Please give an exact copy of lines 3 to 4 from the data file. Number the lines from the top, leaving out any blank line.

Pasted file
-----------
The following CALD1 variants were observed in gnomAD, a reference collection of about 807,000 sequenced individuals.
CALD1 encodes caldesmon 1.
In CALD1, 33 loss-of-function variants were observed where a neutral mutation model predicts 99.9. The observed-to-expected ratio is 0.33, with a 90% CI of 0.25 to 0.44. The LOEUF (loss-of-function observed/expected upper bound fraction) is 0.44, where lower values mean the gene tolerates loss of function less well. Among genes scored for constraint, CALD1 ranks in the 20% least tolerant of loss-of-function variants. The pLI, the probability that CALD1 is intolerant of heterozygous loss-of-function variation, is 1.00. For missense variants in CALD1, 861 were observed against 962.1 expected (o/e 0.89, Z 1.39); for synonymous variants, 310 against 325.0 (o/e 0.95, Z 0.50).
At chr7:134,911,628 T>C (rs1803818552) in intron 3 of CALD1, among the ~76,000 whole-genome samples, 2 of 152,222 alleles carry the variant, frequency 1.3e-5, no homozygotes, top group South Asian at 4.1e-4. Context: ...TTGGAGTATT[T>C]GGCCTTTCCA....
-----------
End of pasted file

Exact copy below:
In CALD1, 33 loss-of-function variants were observed where a neutral mutation model predicts 99.9. The observed-to-expected ratio is 0.33, with a 90% CI of 0.25 to 0.44. The LOEUF (loss-of-function observed/expected upper bound fraction) is 0.44, where lower values mean the gene tolerates loss of function less well. Among genes scored for constraint, CALD1 ranks in the 20% least tolerant of loss-of-function variants. The pLI, the probability that CALD1 is intolerant of heterozygous loss-of-function variation, is 1.00. For missense variants in CALD1, 861 were observed against 962.1 expected (o/e 0.89, Z 1.39); for synonymous variants, 310 against 325.0 (o/e 0.95, Z 0.50).
At chr7:134,911,628 T>C (rs1803818552) in intron 3 of CALD1, among the ~76,000 whole-genome samples, 2 of 152,222 alleles carry the variant, frequency 1.3e-5, no homozygotes, top group South Asian at 4.1e-4. Context: ...TTGGAGTATT[T>C]GGCCTTTCCA....